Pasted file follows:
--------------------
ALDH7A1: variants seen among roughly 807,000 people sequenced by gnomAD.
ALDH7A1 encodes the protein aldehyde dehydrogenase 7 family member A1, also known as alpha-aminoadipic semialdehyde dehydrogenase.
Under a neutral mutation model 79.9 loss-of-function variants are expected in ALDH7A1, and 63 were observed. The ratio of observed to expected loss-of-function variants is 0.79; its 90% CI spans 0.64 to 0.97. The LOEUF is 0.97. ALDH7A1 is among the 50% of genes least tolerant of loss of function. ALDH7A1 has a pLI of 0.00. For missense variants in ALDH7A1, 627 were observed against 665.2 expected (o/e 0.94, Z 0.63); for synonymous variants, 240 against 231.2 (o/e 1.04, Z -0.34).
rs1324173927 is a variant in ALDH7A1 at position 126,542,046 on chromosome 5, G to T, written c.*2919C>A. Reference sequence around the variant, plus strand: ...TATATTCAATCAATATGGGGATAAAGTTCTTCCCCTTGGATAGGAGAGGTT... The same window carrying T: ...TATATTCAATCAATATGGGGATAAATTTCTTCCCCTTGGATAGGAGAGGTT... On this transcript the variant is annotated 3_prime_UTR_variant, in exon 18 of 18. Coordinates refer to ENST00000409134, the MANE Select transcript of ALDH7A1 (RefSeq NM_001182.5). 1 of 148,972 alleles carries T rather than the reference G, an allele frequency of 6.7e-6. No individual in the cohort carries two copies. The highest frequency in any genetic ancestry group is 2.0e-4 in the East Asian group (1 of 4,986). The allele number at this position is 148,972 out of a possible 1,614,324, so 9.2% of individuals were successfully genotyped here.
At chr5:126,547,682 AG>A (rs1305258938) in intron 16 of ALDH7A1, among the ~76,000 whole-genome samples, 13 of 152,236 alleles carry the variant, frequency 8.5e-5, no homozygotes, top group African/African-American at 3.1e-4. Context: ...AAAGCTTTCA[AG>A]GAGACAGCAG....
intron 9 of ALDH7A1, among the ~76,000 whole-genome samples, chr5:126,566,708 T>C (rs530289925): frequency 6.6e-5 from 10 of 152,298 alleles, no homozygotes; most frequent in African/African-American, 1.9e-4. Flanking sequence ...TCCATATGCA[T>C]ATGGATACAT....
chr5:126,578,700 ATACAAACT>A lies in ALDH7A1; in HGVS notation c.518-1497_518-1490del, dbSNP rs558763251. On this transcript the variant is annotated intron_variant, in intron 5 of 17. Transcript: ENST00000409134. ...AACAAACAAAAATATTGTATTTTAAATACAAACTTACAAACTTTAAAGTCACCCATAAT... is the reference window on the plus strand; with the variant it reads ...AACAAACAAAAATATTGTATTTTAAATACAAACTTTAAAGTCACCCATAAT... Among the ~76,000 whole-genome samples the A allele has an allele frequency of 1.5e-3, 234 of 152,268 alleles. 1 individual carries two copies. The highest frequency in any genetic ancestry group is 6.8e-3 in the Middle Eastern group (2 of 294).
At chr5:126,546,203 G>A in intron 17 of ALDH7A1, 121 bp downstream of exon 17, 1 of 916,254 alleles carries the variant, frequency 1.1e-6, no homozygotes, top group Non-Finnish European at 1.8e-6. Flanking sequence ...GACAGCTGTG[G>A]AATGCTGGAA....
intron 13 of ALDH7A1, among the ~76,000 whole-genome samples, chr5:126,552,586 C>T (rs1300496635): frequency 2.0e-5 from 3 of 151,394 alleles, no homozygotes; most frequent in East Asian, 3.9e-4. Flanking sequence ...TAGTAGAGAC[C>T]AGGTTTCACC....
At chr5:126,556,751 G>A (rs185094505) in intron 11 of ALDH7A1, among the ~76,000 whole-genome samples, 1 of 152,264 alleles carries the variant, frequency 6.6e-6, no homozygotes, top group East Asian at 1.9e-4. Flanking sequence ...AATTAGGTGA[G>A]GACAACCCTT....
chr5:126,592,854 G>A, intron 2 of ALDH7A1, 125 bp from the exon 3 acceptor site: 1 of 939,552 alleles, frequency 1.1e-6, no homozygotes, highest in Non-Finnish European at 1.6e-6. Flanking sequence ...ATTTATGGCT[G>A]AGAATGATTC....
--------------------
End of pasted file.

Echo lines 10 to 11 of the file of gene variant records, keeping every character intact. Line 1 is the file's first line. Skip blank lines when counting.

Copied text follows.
At chr5:126,556,751 G>A (rs185094505) in intron 11 of ALDH7A1, among the ~76,000 whole-genome samples, 1 of 152,264 alleles carries the variant, frequency 6.6e-6, no homozygotes, top group East Asian at 1.9e-4. Flanking sequence ...AATTAGGTGA[G>A]GACAACCCTT....
chr5:126,592,854 G>A, intron 2 of ALDH7A1, 125 bp from the exon 3 acceptor site: 1 of 939,552 alleles, frequency 1.1e-6, no homozygotes, highest in Non-Finnish European at 1.6e-6. Flanking sequence ...ATTTATGGCT[G>A]AGAATGATTC....